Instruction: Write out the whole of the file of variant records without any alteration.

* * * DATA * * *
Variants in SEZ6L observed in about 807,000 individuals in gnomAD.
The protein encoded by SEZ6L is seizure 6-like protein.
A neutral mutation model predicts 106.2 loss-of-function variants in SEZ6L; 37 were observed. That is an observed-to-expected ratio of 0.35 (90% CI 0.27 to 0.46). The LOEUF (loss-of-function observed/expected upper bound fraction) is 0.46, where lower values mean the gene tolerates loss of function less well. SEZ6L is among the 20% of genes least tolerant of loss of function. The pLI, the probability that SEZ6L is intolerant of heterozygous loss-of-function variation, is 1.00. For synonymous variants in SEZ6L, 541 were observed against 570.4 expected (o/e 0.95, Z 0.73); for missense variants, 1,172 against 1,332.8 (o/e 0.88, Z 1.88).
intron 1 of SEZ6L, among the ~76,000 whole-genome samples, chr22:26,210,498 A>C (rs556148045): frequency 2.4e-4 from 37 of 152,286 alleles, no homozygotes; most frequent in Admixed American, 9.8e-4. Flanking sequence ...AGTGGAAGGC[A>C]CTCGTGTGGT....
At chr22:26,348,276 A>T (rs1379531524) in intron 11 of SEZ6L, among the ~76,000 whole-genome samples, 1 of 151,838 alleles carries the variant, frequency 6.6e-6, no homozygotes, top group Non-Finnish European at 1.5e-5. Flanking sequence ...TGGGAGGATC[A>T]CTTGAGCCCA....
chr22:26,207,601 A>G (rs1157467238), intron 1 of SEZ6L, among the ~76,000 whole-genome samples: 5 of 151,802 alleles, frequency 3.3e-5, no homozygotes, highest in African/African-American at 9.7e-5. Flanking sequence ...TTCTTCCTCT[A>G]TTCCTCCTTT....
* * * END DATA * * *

Variants in SEZ6L observed in about 807,000 individuals in gnomAD.
The protein encoded by SEZ6L is seizure 6-like protein.
A neutral mutation model predicts 106.2 loss-of-function variants in SEZ6L; 37 were observed. That is an observed-to-expected ratio of 0.35 (90% CI 0.27 to 0.46). The LOEUF (loss-of-function observed/expected upper bound fraction) is 0.46, where lower values mean the gene tolerates loss of function less well. SEZ6L is among the 20% of genes least tolerant of loss of function. The pLI, the probability that SEZ6L is intolerant of heterozygous loss-of-function variation, is 1.00. For synonymous variants in SEZ6L, 541 were observed against 570.4 expected (o/e 0.95, Z 0.73); for missense variants, 1,172 against 1,332.8 (o/e 0.88, Z 1.88).
intron 1 of SEZ6L, among the ~76,000 whole-genome samples, chr22:26,210,498 A>C (rs556148045): frequency 2.4e-4 from 37 of 152,286 alleles, no homozygotes; most frequent in Admixed American, 9.8e-4. Flanking sequence ...AGTGGAAGGC[A>C]CTCGTGTGGT....
At chr22:26,348,276 A>T (rs1379531524) in intron 11 of SEZ6L, among the ~76,000 whole-genome samples, 1 of 151,838 alleles carries the variant, frequency 6.6e-6, no homozygotes, top group Non-Finnish European at 1.5e-5. Flanking sequence ...TGGGAGGATC[A>T]CTTGAGCCCA....
chr22:26,207,601 A>G (rs1157467238), intron 1 of SEZ6L, among the ~76,000 whole-genome samples: 5 of 151,802 alleles, frequency 3.3e-5, no homozygotes, highest in African/African-American at 9.7e-5. Flanking sequence ...TTCTTCCTCT[A>G]TTCCTCCTTT....